Tuesday, January 12, 2016

Those who are the real trendsetters

by Rick Blechta

I was never a huge fan of the music of David Bowie, but I will readily admit I've always respected that he was a huge influence on the pop world, fashion world and initiated trends and has influence that will continue into the future. He was also completely fearless in how embraced change, something most of us have trouble with. Certainly the world has seen few with such chameleon-like ability. It wasn’t only in Bowie’s image, but also in his music. Even his new, nearly posthumous, album displays many fresh ideas as does the video to his final single release, “Lazarus”.

Wading through the news and commentary about his life and death, I got thinking in other channels. Trendsetters like Bowie are actually quite rare in the world. I’m not going to lump Bowie in with people like Galileo, or more recently, visionaries such as Nikola Tesla to name but two. These giants took their world and set it on its ear with their breakthrough thinking. Their influence has been profoundly felt.

Naturally, I also considered who have been the real trendsetters in crime writing, our small corner of the artistic world.

Now, what I’m really interested in is soliciting loyal Type M readers (Okay, even disloyal ones can join in) to respond with their picks as the trendsetters in crime writing.

I’ll kick it off with two: Arthur Conan Doyle for his contribution of Sherlock Holmes and that character’s far-reaching influence, and Agatha Christie for her panoply of characters, but most especially her Miss Marple series, arguably the first of what are now known as “cozies”.

I could go on, but I will leave that up to all of you. Who gets your nomination as a trendsetter in crime writing — and why?

As for David Bowie, I think the artistic world will really miss him. You owe it to yourself to watch the video for “Lazarus”. It is brilliant, it is unsettling, and like everything else Bowie did, fiercely creative.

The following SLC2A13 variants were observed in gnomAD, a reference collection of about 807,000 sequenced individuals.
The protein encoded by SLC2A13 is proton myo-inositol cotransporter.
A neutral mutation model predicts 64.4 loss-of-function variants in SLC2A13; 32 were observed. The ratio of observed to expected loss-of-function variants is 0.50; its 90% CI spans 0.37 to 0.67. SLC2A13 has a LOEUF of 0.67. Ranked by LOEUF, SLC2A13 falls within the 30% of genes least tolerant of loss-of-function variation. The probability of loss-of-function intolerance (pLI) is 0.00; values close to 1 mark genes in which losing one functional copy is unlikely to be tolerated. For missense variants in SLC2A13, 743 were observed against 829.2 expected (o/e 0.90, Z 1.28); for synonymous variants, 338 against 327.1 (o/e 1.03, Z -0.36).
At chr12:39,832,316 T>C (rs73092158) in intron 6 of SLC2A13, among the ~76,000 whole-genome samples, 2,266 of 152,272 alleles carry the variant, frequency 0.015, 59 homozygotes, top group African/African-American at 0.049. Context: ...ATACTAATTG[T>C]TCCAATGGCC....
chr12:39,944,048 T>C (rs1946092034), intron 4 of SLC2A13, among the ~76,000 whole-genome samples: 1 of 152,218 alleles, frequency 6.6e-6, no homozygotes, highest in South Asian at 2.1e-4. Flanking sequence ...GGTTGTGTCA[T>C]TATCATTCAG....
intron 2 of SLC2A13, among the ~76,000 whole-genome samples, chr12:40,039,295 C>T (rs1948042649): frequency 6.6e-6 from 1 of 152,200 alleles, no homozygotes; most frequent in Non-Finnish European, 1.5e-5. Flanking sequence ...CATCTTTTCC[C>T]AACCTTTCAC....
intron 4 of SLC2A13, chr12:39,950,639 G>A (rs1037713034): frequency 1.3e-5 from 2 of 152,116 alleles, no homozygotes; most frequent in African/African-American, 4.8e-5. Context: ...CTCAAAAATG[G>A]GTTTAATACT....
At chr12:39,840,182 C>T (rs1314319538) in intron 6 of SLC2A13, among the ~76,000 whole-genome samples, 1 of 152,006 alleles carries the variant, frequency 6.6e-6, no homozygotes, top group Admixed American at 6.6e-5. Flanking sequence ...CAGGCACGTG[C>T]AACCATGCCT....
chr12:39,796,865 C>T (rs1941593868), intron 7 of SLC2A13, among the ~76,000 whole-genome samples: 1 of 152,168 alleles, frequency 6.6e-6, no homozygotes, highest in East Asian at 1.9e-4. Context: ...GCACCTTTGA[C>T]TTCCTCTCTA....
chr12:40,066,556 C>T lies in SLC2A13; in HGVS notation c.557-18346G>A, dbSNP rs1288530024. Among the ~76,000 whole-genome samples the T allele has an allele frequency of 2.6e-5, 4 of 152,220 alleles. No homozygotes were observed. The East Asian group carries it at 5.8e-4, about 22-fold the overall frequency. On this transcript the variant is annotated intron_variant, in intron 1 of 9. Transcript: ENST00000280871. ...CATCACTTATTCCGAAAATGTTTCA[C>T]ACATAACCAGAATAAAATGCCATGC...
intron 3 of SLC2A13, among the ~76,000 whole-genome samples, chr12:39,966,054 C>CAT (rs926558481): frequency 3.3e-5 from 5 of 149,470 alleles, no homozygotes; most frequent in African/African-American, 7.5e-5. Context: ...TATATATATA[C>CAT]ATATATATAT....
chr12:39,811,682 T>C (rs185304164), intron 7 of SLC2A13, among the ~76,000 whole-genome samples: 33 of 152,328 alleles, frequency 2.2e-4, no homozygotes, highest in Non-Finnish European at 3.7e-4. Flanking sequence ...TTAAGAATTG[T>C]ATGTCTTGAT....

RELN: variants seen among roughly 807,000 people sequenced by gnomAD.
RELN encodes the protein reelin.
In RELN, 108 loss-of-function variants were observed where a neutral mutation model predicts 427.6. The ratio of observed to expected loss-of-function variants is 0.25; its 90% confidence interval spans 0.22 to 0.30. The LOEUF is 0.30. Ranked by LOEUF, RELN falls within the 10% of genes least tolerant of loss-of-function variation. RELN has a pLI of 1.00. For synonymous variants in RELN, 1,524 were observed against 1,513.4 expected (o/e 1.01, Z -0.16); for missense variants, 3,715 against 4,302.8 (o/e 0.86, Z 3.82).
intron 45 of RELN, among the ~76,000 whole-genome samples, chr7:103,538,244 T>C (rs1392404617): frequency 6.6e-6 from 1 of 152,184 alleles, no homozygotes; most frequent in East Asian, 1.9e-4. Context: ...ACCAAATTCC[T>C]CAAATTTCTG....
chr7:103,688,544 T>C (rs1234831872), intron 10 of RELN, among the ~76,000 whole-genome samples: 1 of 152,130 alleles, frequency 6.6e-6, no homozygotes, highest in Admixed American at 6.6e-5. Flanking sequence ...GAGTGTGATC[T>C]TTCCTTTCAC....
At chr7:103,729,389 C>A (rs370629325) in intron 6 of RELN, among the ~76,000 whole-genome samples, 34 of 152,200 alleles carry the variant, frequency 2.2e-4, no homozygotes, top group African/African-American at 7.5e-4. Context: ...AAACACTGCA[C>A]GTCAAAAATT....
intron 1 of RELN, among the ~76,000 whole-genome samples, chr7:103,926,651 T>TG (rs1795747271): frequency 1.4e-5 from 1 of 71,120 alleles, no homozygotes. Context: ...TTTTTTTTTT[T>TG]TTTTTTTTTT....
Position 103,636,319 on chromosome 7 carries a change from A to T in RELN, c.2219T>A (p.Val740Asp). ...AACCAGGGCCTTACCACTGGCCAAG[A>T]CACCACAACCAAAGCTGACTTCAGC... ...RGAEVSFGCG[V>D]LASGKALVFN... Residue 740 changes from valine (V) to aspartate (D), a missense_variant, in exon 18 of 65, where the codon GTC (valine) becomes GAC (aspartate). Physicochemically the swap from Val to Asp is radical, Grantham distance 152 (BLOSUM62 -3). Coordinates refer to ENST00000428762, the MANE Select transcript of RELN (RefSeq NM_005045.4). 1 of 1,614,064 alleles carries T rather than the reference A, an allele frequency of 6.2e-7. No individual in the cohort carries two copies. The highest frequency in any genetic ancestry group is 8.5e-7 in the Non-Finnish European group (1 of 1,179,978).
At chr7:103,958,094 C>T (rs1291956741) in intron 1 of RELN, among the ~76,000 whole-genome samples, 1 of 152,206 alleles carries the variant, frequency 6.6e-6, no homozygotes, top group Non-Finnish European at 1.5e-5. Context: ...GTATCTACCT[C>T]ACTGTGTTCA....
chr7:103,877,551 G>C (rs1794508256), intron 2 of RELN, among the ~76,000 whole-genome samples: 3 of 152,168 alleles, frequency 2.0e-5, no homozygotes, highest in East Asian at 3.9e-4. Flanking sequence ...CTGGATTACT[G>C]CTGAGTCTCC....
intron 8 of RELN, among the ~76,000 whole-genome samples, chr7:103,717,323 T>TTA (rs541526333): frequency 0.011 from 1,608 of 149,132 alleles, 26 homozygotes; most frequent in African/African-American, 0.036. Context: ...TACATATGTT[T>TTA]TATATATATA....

I think the world could use a lot more people like David Bowie.


Frankie Y. Bailey said...

I have to give a nod to Walter Mosley when it comes to his impact on both historical crime fiction and modern crime fiction featuring protagonists of color.

Rick Blechta said...

Good choice -- and he's an excellent writer, as well. If you haven't read Mosley, you're in for a treat. Easy Rawlins is a terrific character.

Thanks, Frankie.

Anyone else?

Jared Case said...

In my world, I'm always looking at the cross-pollination of literature and film, specifically in film noir, and there are a group of writers from the '20s to the '40s without whom film noir would not exist, or look much, much different than what we know. Writers like Raymond Chandler, James M. Cain, Dorothy B. Hughes, Vera Caspary, and my personal favorite of the bunch, Dashiell Hammett, wrote many of the novels classic films noir were based on. Those films provided the template not only for original screenplays but also future novel writers to take and evolve according to their own sensibilities.

Vicki Delany said...

Going back to the beginning, it's Wilkie Collins. The first to use the detective (in a novel), the McGuffin, the red herring, the cast of suspects. All the tropes we use today, he was the first.

Rick Blechta said...

Jared and Vicki, thanks for weighing in.

Jared, I think Hammett or Chandler should be on our informal list because they're the most widely read. Certainly hard-boiled crime fiction wouldn't be the way it is without the writing of these people.

Vicki, Wilkie Collins (about whom I was not that familiar, but brought myself up to speed) should certainly be on the list.

Anyone else want to comment?